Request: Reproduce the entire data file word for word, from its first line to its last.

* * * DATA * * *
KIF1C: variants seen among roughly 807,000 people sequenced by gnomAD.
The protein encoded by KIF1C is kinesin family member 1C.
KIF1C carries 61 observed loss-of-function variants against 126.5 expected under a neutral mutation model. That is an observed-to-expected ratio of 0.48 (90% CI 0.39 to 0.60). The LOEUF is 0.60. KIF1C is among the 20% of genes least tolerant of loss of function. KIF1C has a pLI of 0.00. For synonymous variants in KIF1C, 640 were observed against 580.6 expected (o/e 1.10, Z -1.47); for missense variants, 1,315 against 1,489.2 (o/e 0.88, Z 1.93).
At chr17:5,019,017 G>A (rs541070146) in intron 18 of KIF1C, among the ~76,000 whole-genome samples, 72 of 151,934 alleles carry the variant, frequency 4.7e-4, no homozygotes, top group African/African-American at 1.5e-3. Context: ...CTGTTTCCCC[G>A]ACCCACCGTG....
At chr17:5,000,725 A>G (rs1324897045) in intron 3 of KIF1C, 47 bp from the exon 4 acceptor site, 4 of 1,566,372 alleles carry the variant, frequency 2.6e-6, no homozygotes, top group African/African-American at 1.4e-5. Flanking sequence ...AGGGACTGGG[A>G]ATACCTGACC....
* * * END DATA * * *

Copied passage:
KIF1C: variants seen among roughly 807,000 people sequenced by gnomAD.
The protein encoded by KIF1C is kinesin family member 1C.
KIF1C carries 61 observed loss-of-function variants against 126.5 expected under a neutral mutation model. That is an observed-to-expected ratio of 0.48 (90% CI 0.39 to 0.60). The LOEUF is 0.60. KIF1C is among the 20% of genes least tolerant of loss of function. KIF1C has a pLI of 0.00. For synonymous variants in KIF1C, 640 were observed against 580.6 expected (o/e 1.10, Z -1.47); for missense variants, 1,315 against 1,489.2 (o/e 0.88, Z 1.93).
At chr17:5,019,017 G>A (rs541070146) in intron 18 of KIF1C, among the ~76,000 whole-genome samples, 72 of 151,934 alleles carry the variant, frequency 4.7e-4, no homozygotes, top group African/African-American at 1.5e-3. Context: ...CTGTTTCCCC[G>A]ACCCACCGTG....
At chr17:5,000,725 A>G (rs1324897045) in intron 3 of KIF1C, 47 bp from the exon 4 acceptor site, 4 of 1,566,372 alleles carry the variant, frequency 2.6e-6, no homozygotes, top group African/African-American at 1.4e-5. Flanking sequence ...AGGGACTGGG[A>G]ATACCTGACC....